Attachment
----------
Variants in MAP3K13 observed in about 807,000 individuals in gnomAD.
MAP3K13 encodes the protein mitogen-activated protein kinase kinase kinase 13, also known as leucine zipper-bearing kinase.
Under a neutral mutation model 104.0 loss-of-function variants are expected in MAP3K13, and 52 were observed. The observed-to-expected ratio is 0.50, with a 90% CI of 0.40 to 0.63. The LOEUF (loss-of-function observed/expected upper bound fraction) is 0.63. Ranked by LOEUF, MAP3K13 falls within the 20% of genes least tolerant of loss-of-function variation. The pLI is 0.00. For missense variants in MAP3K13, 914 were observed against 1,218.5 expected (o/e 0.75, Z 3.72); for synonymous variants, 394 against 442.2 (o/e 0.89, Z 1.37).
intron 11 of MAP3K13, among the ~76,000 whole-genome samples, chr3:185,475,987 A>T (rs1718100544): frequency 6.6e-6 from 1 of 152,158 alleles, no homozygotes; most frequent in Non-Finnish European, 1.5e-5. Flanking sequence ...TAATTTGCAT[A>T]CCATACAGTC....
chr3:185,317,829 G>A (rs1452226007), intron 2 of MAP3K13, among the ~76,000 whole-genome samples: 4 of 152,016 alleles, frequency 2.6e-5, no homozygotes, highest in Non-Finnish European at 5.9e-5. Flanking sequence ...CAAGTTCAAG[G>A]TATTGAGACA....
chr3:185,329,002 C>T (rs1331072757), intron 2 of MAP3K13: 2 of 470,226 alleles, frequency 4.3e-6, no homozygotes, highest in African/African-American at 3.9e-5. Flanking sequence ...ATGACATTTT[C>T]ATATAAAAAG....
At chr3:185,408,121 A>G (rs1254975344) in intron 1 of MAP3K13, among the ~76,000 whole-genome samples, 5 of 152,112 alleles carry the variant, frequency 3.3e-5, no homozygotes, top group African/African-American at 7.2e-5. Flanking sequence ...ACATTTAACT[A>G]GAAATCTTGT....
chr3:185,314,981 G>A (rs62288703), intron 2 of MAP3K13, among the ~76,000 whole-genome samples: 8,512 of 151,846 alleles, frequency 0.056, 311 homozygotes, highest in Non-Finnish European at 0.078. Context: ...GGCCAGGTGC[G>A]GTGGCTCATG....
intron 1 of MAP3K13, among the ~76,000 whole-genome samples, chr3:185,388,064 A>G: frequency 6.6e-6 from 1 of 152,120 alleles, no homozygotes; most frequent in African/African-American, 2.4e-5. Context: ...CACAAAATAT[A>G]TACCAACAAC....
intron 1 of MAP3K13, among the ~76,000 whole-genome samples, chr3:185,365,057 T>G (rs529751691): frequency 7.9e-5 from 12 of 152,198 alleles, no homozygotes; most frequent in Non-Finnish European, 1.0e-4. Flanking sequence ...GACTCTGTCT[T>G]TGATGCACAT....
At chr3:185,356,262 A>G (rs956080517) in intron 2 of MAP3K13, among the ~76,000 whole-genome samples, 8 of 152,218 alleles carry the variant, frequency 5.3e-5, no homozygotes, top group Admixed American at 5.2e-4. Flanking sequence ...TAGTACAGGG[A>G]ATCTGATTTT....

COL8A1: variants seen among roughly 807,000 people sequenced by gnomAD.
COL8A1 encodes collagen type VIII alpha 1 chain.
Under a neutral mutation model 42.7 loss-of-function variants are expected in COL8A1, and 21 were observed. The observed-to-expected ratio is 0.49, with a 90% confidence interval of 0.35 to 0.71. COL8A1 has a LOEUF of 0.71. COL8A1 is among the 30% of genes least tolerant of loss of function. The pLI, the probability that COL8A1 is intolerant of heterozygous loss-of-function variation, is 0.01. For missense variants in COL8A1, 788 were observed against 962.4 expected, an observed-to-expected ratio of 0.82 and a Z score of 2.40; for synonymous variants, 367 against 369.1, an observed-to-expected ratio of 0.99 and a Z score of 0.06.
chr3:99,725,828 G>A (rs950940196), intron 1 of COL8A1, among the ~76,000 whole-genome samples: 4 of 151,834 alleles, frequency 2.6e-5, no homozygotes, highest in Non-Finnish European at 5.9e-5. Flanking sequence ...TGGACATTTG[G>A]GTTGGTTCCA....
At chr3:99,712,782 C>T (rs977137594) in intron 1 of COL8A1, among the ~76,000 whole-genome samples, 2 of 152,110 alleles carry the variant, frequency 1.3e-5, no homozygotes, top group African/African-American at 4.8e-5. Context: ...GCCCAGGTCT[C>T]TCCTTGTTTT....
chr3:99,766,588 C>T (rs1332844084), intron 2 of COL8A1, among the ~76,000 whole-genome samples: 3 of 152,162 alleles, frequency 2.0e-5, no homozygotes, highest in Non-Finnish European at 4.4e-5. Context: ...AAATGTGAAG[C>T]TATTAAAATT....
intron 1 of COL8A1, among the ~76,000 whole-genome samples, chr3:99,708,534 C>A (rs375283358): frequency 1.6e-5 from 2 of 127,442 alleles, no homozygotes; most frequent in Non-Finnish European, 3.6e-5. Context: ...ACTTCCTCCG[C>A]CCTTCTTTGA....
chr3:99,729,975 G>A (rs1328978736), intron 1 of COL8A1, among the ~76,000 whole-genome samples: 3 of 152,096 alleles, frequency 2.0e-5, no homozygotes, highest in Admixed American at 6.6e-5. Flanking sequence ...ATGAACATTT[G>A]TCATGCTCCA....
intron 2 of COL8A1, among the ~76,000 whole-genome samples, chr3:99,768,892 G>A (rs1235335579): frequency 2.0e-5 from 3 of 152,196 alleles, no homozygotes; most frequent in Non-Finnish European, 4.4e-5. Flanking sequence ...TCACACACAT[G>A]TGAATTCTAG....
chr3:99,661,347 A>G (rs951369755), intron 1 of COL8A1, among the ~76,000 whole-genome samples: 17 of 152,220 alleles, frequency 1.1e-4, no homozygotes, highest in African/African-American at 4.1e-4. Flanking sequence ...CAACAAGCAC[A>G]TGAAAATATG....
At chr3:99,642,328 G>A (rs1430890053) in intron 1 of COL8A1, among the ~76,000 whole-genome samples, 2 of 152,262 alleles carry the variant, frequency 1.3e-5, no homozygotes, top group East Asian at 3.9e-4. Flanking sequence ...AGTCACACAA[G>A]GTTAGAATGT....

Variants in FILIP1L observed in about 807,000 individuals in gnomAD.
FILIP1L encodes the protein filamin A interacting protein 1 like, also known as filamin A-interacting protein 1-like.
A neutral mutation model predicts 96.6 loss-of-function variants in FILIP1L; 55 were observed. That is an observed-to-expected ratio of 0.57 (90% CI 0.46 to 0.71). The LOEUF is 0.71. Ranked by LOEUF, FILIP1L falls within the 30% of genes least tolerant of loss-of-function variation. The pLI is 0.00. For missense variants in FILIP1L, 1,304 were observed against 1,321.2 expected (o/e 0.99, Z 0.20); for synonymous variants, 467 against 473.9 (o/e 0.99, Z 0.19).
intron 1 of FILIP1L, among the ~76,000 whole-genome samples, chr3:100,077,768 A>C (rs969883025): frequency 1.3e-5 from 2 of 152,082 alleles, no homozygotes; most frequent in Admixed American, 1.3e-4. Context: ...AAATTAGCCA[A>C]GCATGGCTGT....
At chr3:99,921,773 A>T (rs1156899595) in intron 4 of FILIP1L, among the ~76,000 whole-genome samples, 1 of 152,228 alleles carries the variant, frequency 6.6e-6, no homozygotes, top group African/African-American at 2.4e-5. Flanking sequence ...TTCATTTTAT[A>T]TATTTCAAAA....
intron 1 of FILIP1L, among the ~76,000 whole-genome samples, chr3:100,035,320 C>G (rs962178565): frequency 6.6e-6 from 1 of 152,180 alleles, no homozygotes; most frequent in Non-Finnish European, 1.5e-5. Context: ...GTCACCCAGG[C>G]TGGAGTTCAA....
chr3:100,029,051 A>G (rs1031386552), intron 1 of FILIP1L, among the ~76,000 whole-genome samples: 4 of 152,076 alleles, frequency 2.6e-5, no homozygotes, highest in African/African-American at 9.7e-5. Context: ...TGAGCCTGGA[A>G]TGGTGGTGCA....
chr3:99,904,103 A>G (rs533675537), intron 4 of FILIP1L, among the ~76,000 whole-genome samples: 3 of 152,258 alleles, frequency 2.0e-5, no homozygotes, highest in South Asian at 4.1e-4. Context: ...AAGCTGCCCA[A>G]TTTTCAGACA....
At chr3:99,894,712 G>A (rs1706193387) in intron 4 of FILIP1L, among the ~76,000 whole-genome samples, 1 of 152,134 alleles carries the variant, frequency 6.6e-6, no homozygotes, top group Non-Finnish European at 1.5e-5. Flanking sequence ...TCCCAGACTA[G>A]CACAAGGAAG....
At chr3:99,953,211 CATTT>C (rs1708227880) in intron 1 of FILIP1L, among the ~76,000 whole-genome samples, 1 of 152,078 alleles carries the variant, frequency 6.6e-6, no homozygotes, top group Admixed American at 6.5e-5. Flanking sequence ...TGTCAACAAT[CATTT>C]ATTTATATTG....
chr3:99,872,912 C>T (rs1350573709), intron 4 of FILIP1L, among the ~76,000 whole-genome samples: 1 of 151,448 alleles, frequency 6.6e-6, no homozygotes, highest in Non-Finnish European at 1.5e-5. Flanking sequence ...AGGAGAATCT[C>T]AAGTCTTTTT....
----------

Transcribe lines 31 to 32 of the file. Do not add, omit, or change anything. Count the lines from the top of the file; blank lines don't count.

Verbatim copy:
At chr3:99,894,712 G>A (rs1706193387) in intron 4 of FILIP1L, among the ~76,000 whole-genome samples, 1 of 152,134 alleles carries the variant, frequency 6.6e-6, no homozygotes, top group Non-Finnish European at 1.5e-5. Flanking sequence ...TCCCAGACTA[G>A]CACAAGGAAG....
At chr3:99,953,211 CATTT>C (rs1708227880) in intron 1 of FILIP1L, among the ~76,000 whole-genome samples, 1 of 152,078 alleles carries the variant, frequency 6.6e-6, no homozygotes, top group Admixed American at 6.5e-5. Flanking sequence ...TGTCAACAAT[CATTT>C]ATTTATATTG....